Roza, my four-year-old daughter, is patient with me as I struggle to understand her. She doesn’t know it, but I’m in awe of the complexity of her sentences and the fluidity of her pronunciation. I worry about what she thinks of my linguistic backwardness. I can already picture a conversation she’ll have a year or two from now with a chum at school, “Yeah, my Dad is nice, but he’s a little slow.”
I started studying Hungarian five years ago, after marrying a Budapest native. Fair warned though I was about the difficulties involved, and experienced in learning other languages, I was quickly frustrated with my glacial progress. When about a year later my wife told me she was pregnant, an extra tingle accompanied the surge of parental joy: this child could be my ticket to Hungarian. Learning side-by-side with a baby would be just the thing. We would move as co-conspirators from baby talk to first words, then on to simple sentences, and before long to mature language.
It hasn’t worked that way. Once she began speaking, Roza’s Hungarian outstripped mine like a bullet express speeding past a creaky freight train. Increasingly she has treated me with a kind of polite sympathy that upends the usual parent-child dynamic. One day recently, watching me rack my brain to come up with a basic word in Hungarian, she announced to me generously (in English), “I’ll be your Hungarian teacher Daddo.” But then when she explained something to me in Hungarian and I could only barely follow what she was saying, she turned bemusedly back to her Duplo.
Hungarian has a fearsome reputation as an impregnable linguistic fortress. One literary friend, on hearing of my current efforts, noted that Edmund Wilson started learning Hungarian late in his life. He pointed this out as though it affirms Hungarian’s status as a kind of final peak that one of the most learned men of the last century attempted only after scaling everything else. An acquaintance in Budapest who is an especially keen collector of Hungarian language trivia mentioned to me that Theodore Roosevelt dabbled at learning Hungarian. Apparently he did so after spending a day in Budapest in 1910, the first ever visit to Hungary by a sitting American president.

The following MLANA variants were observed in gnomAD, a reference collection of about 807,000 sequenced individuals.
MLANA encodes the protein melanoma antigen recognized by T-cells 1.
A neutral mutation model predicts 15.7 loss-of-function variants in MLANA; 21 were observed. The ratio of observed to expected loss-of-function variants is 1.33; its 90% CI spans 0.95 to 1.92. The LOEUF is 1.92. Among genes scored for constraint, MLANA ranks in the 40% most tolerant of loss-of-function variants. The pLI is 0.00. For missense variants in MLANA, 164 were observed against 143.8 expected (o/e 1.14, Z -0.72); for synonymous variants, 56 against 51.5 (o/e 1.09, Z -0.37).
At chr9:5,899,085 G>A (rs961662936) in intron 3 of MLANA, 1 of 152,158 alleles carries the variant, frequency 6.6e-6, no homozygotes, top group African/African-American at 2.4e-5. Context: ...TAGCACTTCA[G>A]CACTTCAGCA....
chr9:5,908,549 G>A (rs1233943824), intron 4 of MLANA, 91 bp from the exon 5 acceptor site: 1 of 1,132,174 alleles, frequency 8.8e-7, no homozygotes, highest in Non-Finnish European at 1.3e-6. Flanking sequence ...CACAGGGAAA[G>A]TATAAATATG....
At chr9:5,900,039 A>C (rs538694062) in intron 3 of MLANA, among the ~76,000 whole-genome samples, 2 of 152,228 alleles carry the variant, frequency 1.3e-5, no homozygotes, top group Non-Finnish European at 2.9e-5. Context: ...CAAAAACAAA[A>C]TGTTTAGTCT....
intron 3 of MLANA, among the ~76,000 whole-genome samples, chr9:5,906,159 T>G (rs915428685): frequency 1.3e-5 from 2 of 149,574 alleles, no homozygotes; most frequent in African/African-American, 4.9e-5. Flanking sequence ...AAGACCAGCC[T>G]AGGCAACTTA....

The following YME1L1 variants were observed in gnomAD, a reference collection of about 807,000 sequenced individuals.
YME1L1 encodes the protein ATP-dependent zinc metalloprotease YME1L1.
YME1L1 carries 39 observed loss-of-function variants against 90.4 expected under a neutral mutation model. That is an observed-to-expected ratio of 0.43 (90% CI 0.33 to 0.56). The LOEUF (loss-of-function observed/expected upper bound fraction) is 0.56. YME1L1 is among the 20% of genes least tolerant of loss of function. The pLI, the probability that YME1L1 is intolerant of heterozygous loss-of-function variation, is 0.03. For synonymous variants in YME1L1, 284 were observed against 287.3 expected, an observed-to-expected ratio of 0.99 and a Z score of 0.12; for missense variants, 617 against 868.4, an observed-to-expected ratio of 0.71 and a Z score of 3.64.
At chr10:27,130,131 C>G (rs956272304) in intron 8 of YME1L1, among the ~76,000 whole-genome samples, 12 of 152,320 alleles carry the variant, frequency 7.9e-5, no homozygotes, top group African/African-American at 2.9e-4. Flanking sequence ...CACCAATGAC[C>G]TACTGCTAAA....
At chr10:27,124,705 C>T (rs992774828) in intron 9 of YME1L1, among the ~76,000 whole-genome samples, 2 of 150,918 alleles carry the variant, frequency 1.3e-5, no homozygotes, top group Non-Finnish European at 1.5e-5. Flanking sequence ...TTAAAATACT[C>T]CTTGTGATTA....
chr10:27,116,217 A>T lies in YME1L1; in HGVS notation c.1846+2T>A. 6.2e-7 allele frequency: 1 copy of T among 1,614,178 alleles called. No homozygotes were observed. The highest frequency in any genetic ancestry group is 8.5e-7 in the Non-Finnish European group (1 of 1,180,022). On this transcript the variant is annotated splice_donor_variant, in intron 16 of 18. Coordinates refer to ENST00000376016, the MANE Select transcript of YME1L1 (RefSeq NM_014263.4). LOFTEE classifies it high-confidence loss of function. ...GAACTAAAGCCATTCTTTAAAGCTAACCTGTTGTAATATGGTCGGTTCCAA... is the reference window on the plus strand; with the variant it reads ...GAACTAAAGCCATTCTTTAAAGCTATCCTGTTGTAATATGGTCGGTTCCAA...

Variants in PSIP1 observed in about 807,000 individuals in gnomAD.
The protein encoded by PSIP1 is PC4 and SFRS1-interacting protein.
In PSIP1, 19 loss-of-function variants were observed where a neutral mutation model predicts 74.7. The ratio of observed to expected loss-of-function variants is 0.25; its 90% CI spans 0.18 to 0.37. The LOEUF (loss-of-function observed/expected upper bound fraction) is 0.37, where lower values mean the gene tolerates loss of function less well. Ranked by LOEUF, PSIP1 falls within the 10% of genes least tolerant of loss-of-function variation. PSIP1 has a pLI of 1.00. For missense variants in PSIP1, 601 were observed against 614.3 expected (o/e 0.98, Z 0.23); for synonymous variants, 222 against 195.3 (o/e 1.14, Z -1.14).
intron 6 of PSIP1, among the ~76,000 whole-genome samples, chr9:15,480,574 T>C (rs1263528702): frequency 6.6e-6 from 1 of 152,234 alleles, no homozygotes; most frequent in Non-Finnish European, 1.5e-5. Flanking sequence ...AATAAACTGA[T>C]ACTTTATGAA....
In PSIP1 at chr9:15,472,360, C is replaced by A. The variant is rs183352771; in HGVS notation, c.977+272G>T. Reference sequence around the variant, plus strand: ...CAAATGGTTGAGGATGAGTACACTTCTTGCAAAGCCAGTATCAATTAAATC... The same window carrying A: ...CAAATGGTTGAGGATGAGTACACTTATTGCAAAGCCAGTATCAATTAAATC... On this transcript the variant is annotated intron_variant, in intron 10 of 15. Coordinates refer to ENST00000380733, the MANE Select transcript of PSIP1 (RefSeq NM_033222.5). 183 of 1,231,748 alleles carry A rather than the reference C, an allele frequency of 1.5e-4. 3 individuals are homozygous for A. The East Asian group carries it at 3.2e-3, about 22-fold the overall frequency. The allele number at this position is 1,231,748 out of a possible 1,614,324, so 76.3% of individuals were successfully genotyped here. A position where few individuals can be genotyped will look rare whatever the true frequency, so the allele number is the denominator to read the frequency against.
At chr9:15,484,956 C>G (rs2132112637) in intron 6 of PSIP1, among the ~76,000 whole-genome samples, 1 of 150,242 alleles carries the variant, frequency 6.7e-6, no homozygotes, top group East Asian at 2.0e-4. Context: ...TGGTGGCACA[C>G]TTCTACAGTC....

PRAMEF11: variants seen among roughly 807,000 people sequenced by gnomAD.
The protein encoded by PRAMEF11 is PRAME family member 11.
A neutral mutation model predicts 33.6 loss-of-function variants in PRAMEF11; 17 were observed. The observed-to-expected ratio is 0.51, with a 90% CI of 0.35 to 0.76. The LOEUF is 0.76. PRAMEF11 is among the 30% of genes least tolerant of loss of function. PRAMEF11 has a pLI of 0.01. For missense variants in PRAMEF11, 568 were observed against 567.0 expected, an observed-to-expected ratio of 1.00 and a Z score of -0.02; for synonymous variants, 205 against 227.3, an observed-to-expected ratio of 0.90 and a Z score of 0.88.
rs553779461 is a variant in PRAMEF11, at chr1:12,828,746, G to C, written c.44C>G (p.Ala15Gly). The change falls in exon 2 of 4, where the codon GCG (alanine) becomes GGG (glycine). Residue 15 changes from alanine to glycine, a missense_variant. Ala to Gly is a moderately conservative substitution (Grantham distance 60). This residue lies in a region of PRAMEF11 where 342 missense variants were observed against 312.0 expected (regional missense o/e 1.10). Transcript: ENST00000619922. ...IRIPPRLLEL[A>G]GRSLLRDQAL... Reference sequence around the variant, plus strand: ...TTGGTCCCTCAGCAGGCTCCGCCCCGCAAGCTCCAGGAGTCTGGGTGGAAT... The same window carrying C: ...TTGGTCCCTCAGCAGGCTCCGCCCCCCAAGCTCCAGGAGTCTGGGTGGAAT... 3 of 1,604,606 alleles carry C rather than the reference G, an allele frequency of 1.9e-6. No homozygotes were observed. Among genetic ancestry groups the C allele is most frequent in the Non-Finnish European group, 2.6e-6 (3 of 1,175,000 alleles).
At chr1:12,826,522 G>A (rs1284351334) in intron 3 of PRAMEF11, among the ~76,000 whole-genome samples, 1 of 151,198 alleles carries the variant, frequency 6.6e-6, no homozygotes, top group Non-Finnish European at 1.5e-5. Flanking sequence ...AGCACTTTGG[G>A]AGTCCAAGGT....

I’m fairly certain that this will be the last language I try to learn. I’m at an age when the time and energy for another language seems scant. This knowledge colors my slow-motion assault on Hungarian with a kind of advance nostalgia, sweetening what has so far been a punishing process. Learning languages has been a near constant part of my adult life.
In my early 20s, when I lived in London for several years and traveled around the continent on cheap rail passes, I was dazzled by the dense forest of European linguistic variety. It was such a contrast to the monolingual desert of my California childhood. When I discovered that the parsimonious stipend of my British scholarship would stretch to cover summer courses outside Great Britain, I was off. An intensive language program in France the first year, Spain the next, and Italy after that. The other students were gregarious multinational gaggles. Studying languages helped me break through my shyness, forcing me to join the conversation.
The teachers were a varied lot. In Santiago de Compostela, Spain, I spent dozens of classroom hours straining to understand the sad, wandering monologues of the chain-smoking Spanish writer who had given up a summer of writing literary notes in cafés to make some money instructing foreigners. In Urbino, Italy, I was in the hands of a fervent Italian communist who perched her elegant shoes on our desks while lecturing us on what she called the semiotics of imperialist aggression. In Paris, I cowered with the other students under the cutting eye of a painfully elegant Parisian woman who tortured us with rapid fire dictations and grammar drills.
I threw myself into a second cycle of language learning in my 40s, starting with Romanian for use in a research project there, then Russian, also for research purposes, and more recently Hungarian. In this second phase, I’ve had the luxury of one-on-one tutoring–another deep well, it turns out, of unusual personalities.